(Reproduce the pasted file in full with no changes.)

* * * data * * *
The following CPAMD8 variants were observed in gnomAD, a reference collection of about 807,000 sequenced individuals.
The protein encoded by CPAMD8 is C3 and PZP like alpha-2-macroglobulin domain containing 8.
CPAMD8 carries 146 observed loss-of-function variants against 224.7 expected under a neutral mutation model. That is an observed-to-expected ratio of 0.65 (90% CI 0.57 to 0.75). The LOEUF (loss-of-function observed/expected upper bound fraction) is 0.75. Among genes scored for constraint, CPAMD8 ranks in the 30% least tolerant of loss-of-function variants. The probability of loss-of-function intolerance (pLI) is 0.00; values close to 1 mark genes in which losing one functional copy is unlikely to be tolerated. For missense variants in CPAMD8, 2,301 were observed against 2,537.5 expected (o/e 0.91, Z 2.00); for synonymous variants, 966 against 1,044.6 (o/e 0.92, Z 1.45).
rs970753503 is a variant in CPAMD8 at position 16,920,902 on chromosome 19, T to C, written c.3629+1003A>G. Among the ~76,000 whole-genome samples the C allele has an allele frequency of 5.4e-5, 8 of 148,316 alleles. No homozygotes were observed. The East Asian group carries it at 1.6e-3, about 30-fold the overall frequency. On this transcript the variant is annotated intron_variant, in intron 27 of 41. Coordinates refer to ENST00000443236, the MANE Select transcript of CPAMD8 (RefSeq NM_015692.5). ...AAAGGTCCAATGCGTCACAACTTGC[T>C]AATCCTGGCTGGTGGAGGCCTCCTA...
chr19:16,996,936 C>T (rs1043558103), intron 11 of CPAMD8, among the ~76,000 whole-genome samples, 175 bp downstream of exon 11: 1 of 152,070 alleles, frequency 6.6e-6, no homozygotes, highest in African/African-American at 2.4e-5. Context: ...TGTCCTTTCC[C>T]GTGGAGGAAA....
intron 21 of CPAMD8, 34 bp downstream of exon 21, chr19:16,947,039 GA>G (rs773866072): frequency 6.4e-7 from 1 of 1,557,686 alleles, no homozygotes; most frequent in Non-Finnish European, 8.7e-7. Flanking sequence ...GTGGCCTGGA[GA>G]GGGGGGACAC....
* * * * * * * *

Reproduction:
The following CPAMD8 variants were observed in gnomAD, a reference collection of about 807,000 sequenced individuals.
The protein encoded by CPAMD8 is C3 and PZP like alpha-2-macroglobulin domain containing 8.
CPAMD8 carries 146 observed loss-of-function variants against 224.7 expected under a neutral mutation model. That is an observed-to-expected ratio of 0.65 (90% CI 0.57 to 0.75). The LOEUF (loss-of-function observed/expected upper bound fraction) is 0.75. Among genes scored for constraint, CPAMD8 ranks in the 30% least tolerant of loss-of-function variants. The probability of loss-of-function intolerance (pLI) is 0.00; values close to 1 mark genes in which losing one functional copy is unlikely to be tolerated. For missense variants in CPAMD8, 2,301 were observed against 2,537.5 expected (o/e 0.91, Z 2.00); for synonymous variants, 966 against 1,044.6 (o/e 0.92, Z 1.45).
rs970753503 is a variant in CPAMD8 at position 16,920,902 on chromosome 19, T to C, written c.3629+1003A>G. Among the ~76,000 whole-genome samples the C allele has an allele frequency of 5.4e-5, 8 of 148,316 alleles. No homozygotes were observed. The East Asian group carries it at 1.6e-3, about 30-fold the overall frequency. On this transcript the variant is annotated intron_variant, in intron 27 of 41. Coordinates refer to ENST00000443236, the MANE Select transcript of CPAMD8 (RefSeq NM_015692.5). ...AAAGGTCCAATGCGTCACAACTTGC[T>C]AATCCTGGCTGGTGGAGGCCTCCTA...
chr19:16,996,936 C>T (rs1043558103), intron 11 of CPAMD8, among the ~76,000 whole-genome samples, 175 bp downstream of exon 11: 1 of 152,070 alleles, frequency 6.6e-6, no homozygotes, highest in African/African-American at 2.4e-5. Context: ...TGTCCTTTCC[C>T]GTGGAGGAAA....
intron 21 of CPAMD8, 34 bp downstream of exon 21, chr19:16,947,039 GA>G (rs773866072): frequency 6.4e-7 from 1 of 1,557,686 alleles, no homozygotes; most frequent in Non-Finnish European, 8.7e-7. Flanking sequence ...GTGGCCTGGA[GA>G]GGGGGGACAC....